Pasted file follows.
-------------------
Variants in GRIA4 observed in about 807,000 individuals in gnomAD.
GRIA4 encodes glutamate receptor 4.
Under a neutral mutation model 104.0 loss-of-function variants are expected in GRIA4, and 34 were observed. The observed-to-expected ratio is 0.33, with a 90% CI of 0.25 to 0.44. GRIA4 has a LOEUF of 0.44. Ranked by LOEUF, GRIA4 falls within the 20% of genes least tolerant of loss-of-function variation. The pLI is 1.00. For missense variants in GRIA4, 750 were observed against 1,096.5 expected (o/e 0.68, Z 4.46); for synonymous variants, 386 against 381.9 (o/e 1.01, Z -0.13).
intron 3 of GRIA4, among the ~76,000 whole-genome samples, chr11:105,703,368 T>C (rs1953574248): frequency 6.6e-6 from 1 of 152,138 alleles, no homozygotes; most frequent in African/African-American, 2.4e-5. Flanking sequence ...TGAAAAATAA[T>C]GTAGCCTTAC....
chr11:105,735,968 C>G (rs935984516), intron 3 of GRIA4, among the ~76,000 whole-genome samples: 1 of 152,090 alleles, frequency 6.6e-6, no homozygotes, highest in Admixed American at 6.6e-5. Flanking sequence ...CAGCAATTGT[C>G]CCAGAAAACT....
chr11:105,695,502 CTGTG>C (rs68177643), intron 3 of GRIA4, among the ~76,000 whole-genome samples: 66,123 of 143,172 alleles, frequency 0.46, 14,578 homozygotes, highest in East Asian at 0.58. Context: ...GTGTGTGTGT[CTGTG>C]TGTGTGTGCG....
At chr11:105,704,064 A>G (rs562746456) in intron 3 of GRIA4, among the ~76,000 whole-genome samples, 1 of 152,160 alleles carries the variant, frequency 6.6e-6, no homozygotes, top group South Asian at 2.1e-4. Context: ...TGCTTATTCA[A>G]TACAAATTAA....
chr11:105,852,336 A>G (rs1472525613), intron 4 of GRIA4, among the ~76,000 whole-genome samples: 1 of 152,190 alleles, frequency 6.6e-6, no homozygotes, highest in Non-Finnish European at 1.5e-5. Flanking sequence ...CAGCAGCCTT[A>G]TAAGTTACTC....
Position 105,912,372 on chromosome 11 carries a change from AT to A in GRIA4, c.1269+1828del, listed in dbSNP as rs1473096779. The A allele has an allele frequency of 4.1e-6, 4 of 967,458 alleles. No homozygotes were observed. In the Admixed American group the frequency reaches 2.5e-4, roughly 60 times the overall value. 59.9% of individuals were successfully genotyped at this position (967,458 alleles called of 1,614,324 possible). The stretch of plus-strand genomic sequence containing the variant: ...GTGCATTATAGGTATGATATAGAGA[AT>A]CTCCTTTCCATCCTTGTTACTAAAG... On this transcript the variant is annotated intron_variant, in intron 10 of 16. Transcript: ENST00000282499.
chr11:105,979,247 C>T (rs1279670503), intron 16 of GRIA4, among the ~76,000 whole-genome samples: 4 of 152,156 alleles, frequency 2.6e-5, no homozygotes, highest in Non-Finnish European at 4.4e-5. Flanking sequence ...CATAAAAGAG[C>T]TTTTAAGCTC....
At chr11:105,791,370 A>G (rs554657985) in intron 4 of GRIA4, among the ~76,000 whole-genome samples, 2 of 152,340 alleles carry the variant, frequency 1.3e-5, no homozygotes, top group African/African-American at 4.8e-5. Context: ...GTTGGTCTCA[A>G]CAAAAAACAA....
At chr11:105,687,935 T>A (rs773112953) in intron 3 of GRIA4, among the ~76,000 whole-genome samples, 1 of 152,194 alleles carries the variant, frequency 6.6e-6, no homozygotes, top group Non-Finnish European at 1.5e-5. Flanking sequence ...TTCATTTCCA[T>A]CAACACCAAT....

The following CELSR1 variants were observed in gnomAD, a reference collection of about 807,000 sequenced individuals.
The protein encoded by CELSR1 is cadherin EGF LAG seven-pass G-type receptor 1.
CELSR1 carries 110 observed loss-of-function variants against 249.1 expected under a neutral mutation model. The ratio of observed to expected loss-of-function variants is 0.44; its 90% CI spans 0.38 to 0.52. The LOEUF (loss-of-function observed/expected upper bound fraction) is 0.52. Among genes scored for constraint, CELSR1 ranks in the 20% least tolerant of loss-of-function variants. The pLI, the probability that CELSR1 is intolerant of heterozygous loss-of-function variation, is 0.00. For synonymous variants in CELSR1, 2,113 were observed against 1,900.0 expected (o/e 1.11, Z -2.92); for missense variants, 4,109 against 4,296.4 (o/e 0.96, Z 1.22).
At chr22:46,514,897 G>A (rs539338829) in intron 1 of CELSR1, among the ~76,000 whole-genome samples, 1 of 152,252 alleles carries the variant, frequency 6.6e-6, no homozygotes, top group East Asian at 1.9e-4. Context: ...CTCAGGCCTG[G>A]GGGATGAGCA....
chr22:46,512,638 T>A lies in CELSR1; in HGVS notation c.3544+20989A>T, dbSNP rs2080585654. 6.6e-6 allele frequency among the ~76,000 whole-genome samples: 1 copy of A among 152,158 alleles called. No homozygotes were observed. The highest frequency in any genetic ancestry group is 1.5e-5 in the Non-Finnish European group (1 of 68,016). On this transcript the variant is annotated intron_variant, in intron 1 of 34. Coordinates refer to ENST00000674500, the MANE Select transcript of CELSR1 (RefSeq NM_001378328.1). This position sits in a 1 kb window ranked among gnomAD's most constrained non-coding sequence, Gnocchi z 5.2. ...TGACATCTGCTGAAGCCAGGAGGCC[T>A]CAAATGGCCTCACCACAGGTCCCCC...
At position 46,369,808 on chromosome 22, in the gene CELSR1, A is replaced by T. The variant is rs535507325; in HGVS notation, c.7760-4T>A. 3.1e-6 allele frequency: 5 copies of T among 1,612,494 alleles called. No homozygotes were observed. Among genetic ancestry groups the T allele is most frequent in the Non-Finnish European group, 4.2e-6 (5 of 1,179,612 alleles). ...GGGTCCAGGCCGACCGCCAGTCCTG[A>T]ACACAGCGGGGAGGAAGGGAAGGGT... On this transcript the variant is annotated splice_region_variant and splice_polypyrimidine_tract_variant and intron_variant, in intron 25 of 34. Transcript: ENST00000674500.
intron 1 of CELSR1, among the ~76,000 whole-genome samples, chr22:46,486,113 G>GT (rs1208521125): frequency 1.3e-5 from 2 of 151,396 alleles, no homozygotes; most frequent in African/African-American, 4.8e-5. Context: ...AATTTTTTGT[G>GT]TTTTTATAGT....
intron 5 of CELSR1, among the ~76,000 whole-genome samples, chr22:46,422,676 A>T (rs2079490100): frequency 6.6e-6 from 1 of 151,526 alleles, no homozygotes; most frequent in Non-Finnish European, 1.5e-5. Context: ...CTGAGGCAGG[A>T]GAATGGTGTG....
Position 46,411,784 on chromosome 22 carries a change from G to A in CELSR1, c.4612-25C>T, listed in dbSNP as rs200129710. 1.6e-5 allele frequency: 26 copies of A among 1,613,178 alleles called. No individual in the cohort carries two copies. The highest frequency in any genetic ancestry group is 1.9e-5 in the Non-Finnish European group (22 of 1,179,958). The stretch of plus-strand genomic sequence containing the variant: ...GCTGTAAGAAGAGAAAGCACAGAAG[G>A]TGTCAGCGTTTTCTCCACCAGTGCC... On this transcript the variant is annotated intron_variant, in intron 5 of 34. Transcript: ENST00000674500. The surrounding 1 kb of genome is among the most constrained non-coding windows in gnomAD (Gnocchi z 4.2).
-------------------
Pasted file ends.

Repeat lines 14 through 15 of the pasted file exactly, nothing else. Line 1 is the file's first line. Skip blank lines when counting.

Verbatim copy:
The protein encoded by CELSR1 is cadherin EGF LAG seven-pass G-type receptor 1.
CELSR1 carries 110 observed loss-of-function variants against 249.1 expected under a neutral mutation model. The ratio of observed to expected loss-of-function variants is 0.44; its 90% CI spans 0.38 to 0.52. The LOEUF (loss-of-function observed/expected upper bound fraction) is 0.52. Among genes scored for constraint, CELSR1 ranks in the 20% least tolerant of loss-of-function variants. The pLI, the probability that CELSR1 is intolerant of heterozygous loss-of-function variation, is 0.00. For synonymous variants in CELSR1, 2,113 were observed against 1,900.0 expected (o/e 1.11, Z -2.92); for missense variants, 4,109 against 4,296.4 (o/e 0.96, Z 1.22).